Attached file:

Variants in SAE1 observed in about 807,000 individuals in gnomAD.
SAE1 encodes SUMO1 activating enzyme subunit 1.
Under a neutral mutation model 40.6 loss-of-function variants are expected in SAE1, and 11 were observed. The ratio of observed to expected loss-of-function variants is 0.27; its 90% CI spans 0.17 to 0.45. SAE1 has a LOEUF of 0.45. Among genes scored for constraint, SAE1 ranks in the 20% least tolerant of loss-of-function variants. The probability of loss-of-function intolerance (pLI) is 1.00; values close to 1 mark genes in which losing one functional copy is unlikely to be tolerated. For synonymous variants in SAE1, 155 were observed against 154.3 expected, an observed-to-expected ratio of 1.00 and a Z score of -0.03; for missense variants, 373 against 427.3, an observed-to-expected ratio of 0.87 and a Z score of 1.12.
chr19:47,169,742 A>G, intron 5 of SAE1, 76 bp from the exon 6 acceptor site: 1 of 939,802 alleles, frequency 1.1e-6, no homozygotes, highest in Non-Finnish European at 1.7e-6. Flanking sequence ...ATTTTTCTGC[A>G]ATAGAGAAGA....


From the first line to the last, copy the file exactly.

Variants in SAE1 observed in about 807,000 individuals in gnomAD.
SAE1 encodes SUMO1 activating enzyme subunit 1.
Under a neutral mutation model 40.6 loss-of-function variants are expected in SAE1, and 11 were observed. The ratio of observed to expected loss-of-function variants is 0.27; its 90% CI spans 0.17 to 0.45. SAE1 has a LOEUF of 0.45. Among genes scored for constraint, SAE1 ranks in the 20% least tolerant of loss-of-function variants. The probability of loss-of-function intolerance (pLI) is 1.00; values close to 1 mark genes in which losing one functional copy is unlikely to be tolerated. For synonymous variants in SAE1, 155 were observed against 154.3 expected, an observed-to-expected ratio of 1.00 and a Z score of -0.03; for missense variants, 373 against 427.3, an observed-to-expected ratio of 0.87 and a Z score of 1.12.
chr19:47,169,742 A>G, intron 5 of SAE1, 76 bp from the exon 6 acceptor site: 1 of 939,802 alleles, frequency 1.1e-6, no homozygotes, highest in Non-Finnish European at 1.7e-6. Flanking sequence ...ATTTTTCTGC[A>G]ATAGAGAAGA....